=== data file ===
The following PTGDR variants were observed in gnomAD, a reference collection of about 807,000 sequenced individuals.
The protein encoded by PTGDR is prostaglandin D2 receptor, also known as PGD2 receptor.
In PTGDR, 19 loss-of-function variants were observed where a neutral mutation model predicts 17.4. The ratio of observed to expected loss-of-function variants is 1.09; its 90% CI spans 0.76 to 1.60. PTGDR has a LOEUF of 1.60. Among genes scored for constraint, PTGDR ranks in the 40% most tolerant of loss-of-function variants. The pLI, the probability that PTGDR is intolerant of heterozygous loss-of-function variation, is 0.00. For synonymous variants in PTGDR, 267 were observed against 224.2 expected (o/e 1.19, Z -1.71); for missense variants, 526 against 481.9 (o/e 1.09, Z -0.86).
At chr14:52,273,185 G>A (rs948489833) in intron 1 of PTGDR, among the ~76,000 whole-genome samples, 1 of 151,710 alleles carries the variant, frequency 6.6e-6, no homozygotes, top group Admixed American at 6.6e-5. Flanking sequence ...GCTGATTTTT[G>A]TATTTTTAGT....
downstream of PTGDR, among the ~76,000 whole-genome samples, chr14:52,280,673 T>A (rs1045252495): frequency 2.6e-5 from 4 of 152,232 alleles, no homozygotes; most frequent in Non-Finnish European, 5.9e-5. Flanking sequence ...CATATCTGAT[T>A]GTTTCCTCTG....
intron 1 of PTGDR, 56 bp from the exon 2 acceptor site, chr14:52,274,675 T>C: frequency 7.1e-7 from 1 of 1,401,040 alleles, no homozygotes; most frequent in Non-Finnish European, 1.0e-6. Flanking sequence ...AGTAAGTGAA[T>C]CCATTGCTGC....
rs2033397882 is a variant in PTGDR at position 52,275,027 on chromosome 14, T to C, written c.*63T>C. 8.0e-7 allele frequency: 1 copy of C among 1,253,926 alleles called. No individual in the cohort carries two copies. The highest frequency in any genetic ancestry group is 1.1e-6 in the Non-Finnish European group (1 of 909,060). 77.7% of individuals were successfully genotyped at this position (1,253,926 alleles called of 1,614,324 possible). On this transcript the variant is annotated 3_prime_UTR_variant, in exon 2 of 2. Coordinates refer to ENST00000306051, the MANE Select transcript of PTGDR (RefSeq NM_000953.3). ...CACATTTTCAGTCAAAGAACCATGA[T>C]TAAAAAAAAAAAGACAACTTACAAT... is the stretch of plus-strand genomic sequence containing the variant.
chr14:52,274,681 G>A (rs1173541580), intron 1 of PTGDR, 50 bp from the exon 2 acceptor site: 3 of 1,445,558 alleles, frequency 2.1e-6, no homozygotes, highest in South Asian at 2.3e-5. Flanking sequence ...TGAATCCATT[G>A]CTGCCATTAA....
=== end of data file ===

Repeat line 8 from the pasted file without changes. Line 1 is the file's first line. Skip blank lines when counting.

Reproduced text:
chr14:52,274,681 G>A (rs1173541580), intron 1 of PTGDR, 50 bp from the exon 2 acceptor site: 3 of 1,445,558 alleles, frequency 2.1e-6, no homozygotes, highest in South Asian at 2.3e-5. Flanking sequence ...TGAATCCATT[G>A]CTGCCATTAA....